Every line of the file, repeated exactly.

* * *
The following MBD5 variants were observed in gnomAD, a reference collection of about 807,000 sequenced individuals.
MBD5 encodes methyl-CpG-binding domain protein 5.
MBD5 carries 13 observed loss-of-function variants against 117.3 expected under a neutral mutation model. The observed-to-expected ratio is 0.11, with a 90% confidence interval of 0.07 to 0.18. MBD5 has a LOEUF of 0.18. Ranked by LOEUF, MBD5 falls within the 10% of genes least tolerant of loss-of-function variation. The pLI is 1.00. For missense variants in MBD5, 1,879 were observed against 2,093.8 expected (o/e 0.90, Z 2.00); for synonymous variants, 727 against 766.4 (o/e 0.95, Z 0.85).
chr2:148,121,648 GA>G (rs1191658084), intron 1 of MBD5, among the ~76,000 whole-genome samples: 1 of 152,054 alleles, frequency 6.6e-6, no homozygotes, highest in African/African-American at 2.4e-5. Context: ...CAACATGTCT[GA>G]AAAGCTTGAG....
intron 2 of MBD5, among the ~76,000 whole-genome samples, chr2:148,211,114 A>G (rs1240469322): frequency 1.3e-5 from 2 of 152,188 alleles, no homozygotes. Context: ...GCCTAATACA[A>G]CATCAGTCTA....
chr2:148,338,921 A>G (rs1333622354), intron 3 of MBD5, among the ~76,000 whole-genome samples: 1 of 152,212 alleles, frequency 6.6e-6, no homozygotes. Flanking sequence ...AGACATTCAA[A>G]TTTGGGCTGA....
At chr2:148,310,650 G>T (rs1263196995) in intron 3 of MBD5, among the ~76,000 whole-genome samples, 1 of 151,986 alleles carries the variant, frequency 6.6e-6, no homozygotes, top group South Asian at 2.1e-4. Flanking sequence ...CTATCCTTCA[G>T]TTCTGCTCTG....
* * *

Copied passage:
The following MBD5 variants were observed in gnomAD, a reference collection of about 807,000 sequenced individuals.
MBD5 encodes methyl-CpG-binding domain protein 5.
MBD5 carries 13 observed loss-of-function variants against 117.3 expected under a neutral mutation model. The observed-to-expected ratio is 0.11, with a 90% confidence interval of 0.07 to 0.18. MBD5 has a LOEUF of 0.18. Ranked by LOEUF, MBD5 falls within the 10% of genes least tolerant of loss-of-function variation. The pLI is 1.00. For missense variants in MBD5, 1,879 were observed against 2,093.8 expected (o/e 0.90, Z 2.00); for synonymous variants, 727 against 766.4 (o/e 0.95, Z 0.85).
chr2:148,121,648 GA>G (rs1191658084), intron 1 of MBD5, among the ~76,000 whole-genome samples: 1 of 152,054 alleles, frequency 6.6e-6, no homozygotes, highest in African/African-American at 2.4e-5. Context: ...CAACATGTCT[GA>G]AAAGCTTGAG....
intron 2 of MBD5, among the ~76,000 whole-genome samples, chr2:148,211,114 A>G (rs1240469322): frequency 1.3e-5 from 2 of 152,188 alleles, no homozygotes. Context: ...GCCTAATACA[A>G]CATCAGTCTA....
chr2:148,338,921 A>G (rs1333622354), intron 3 of MBD5, among the ~76,000 whole-genome samples: 1 of 152,212 alleles, frequency 6.6e-6, no homozygotes. Flanking sequence ...AGACATTCAA[A>G]TTTGGGCTGA....
At chr2:148,310,650 G>T (rs1263196995) in intron 3 of MBD5, among the ~76,000 whole-genome samples, 1 of 151,986 alleles carries the variant, frequency 6.6e-6, no homozygotes, top group South Asian at 2.1e-4. Flanking sequence ...CTATCCTTCA[G>T]TTCTGCTCTG....